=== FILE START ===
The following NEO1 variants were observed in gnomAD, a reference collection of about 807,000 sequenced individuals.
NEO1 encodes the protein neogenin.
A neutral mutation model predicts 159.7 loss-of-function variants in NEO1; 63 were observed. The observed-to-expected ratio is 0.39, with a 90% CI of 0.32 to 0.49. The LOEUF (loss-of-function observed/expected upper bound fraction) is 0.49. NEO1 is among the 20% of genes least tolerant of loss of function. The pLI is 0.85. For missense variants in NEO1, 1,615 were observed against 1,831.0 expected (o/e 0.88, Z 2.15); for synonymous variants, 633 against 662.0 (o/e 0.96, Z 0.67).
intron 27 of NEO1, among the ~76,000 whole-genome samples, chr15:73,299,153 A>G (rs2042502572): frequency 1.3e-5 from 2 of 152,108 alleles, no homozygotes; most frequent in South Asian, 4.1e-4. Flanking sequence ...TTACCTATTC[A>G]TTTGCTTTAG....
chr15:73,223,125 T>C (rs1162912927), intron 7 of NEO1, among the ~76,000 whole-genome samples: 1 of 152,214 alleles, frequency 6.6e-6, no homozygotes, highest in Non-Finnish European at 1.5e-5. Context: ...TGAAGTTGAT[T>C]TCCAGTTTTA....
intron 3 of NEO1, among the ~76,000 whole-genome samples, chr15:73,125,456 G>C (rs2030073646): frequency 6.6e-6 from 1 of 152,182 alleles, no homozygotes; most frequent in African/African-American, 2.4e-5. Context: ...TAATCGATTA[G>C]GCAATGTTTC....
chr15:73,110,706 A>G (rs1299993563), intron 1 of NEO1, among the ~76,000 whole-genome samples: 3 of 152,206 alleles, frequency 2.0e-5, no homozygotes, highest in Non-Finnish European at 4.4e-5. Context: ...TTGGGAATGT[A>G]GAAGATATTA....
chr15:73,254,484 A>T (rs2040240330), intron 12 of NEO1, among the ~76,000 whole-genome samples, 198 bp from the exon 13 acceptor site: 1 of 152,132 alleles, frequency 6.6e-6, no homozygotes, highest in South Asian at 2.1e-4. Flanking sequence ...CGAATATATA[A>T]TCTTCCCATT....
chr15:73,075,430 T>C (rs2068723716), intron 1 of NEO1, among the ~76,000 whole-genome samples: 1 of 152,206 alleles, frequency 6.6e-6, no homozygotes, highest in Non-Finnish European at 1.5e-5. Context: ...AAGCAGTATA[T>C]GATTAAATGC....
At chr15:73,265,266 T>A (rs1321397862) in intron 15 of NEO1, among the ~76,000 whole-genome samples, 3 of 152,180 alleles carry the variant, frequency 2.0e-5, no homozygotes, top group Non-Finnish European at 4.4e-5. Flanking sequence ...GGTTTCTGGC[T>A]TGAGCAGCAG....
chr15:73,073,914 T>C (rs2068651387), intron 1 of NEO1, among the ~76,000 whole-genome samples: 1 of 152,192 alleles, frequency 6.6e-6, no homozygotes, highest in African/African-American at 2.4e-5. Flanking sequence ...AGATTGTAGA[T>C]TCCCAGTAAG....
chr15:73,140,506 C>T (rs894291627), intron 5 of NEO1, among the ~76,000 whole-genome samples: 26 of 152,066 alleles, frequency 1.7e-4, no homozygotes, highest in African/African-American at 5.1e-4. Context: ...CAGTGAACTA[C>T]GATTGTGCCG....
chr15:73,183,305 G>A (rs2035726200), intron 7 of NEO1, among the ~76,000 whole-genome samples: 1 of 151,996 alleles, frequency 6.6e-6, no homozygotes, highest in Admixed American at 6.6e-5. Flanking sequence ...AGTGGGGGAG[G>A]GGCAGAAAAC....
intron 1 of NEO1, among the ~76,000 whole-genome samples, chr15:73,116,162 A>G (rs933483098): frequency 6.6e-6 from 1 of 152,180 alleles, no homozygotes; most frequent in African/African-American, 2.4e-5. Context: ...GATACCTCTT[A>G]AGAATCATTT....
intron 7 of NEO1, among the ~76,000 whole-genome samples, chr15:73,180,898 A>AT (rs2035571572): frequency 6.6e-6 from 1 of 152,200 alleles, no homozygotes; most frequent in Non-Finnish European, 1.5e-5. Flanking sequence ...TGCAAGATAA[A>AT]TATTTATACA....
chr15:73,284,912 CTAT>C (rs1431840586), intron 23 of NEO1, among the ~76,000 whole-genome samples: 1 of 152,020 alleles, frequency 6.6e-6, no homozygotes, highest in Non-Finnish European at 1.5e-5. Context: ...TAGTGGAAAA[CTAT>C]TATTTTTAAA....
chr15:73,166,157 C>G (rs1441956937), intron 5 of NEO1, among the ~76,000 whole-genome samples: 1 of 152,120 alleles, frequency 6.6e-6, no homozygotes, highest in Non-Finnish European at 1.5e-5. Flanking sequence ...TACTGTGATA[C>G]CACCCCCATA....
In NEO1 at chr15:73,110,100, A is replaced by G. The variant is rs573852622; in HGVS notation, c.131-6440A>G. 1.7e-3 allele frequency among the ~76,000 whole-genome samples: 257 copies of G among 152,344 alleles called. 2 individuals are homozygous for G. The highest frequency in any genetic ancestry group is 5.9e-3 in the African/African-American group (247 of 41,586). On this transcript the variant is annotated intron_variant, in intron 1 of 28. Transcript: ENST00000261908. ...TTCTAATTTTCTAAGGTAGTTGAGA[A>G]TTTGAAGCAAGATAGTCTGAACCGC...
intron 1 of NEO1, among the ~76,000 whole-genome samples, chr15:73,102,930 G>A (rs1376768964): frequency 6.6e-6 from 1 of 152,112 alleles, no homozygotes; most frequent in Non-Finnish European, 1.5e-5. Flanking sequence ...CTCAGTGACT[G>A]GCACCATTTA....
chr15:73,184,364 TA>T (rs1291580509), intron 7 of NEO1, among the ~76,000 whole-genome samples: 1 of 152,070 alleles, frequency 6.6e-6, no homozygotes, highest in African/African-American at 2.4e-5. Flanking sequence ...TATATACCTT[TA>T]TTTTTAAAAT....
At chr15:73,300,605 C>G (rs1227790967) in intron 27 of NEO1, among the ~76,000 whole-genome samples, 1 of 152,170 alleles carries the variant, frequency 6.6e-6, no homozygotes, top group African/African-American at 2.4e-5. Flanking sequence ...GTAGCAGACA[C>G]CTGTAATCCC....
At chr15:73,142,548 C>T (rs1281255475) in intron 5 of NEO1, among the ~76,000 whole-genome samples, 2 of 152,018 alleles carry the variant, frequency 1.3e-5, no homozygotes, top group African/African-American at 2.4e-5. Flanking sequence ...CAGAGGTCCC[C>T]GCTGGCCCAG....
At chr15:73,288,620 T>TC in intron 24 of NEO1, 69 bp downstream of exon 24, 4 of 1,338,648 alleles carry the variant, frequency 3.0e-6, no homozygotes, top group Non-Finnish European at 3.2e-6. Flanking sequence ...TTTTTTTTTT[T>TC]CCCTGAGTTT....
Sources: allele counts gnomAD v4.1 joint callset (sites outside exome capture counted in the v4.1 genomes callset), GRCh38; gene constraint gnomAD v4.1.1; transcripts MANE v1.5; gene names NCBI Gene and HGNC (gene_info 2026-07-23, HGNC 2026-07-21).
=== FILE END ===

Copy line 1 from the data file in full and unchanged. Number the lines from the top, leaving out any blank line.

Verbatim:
The following NEO1 variants were observed in gnomAD, a reference collection of about 807,000 sequenced individuals.